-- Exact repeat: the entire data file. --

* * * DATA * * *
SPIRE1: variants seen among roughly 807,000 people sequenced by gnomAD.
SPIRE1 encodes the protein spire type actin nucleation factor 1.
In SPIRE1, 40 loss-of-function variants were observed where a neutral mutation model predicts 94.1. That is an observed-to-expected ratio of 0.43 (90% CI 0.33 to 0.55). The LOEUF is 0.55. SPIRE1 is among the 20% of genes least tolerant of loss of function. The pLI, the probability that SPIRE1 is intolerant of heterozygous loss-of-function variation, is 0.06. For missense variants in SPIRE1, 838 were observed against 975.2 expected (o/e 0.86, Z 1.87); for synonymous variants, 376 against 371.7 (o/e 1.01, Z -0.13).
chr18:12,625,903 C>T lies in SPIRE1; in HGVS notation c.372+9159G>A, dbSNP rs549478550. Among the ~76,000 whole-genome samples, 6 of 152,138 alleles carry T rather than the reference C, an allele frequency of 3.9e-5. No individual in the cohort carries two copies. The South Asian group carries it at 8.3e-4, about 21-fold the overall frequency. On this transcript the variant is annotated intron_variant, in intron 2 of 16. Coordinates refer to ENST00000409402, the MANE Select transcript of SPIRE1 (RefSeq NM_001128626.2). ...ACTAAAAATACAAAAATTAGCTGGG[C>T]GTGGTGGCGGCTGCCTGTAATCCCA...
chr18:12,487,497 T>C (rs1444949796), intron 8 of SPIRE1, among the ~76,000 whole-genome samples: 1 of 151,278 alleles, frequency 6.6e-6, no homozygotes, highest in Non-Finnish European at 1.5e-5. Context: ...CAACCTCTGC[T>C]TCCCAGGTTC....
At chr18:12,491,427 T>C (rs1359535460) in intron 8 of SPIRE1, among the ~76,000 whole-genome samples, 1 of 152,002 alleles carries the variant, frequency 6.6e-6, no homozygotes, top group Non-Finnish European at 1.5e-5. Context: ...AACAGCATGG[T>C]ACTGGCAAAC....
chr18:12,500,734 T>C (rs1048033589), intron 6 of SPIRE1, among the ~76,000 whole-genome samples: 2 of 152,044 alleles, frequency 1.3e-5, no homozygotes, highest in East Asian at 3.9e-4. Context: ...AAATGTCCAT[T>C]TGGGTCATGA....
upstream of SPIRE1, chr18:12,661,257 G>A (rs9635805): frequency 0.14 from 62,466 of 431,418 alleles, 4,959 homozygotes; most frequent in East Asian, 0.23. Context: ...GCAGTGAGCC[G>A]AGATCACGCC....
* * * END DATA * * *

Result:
SPIRE1: variants seen among roughly 807,000 people sequenced by gnomAD.
SPIRE1 encodes the protein spire type actin nucleation factor 1.
In SPIRE1, 40 loss-of-function variants were observed where a neutral mutation model predicts 94.1. That is an observed-to-expected ratio of 0.43 (90% CI 0.33 to 0.55). The LOEUF is 0.55. SPIRE1 is among the 20% of genes least tolerant of loss of function. The pLI, the probability that SPIRE1 is intolerant of heterozygous loss-of-function variation, is 0.06. For missense variants in SPIRE1, 838 were observed against 975.2 expected (o/e 0.86, Z 1.87); for synonymous variants, 376 against 371.7 (o/e 1.01, Z -0.13).
chr18:12,625,903 C>T lies in SPIRE1; in HGVS notation c.372+9159G>A, dbSNP rs549478550. Among the ~76,000 whole-genome samples, 6 of 152,138 alleles carry T rather than the reference C, an allele frequency of 3.9e-5. No individual in the cohort carries two copies. The South Asian group carries it at 8.3e-4, about 21-fold the overall frequency. On this transcript the variant is annotated intron_variant, in intron 2 of 16. Coordinates refer to ENST00000409402, the MANE Select transcript of SPIRE1 (RefSeq NM_001128626.2). ...ACTAAAAATACAAAAATTAGCTGGG[C>T]GTGGTGGCGGCTGCCTGTAATCCCA...
chr18:12,487,497 T>C (rs1444949796), intron 8 of SPIRE1, among the ~76,000 whole-genome samples: 1 of 151,278 alleles, frequency 6.6e-6, no homozygotes, highest in Non-Finnish European at 1.5e-5. Context: ...CAACCTCTGC[T>C]TCCCAGGTTC....
At chr18:12,491,427 T>C (rs1359535460) in intron 8 of SPIRE1, among the ~76,000 whole-genome samples, 1 of 152,002 alleles carries the variant, frequency 6.6e-6, no homozygotes, top group Non-Finnish European at 1.5e-5. Context: ...AACAGCATGG[T>C]ACTGGCAAAC....
chr18:12,500,734 T>C (rs1048033589), intron 6 of SPIRE1, among the ~76,000 whole-genome samples: 2 of 152,044 alleles, frequency 1.3e-5, no homozygotes, highest in East Asian at 3.9e-4. Context: ...AAATGTCCAT[T>C]TGGGTCATGA....
upstream of SPIRE1, chr18:12,661,257 G>A (rs9635805): frequency 0.14 from 62,466 of 431,418 alleles, 4,959 homozygotes; most frequent in East Asian, 0.23. Context: ...GCAGTGAGCC[G>A]AGATCACGCC....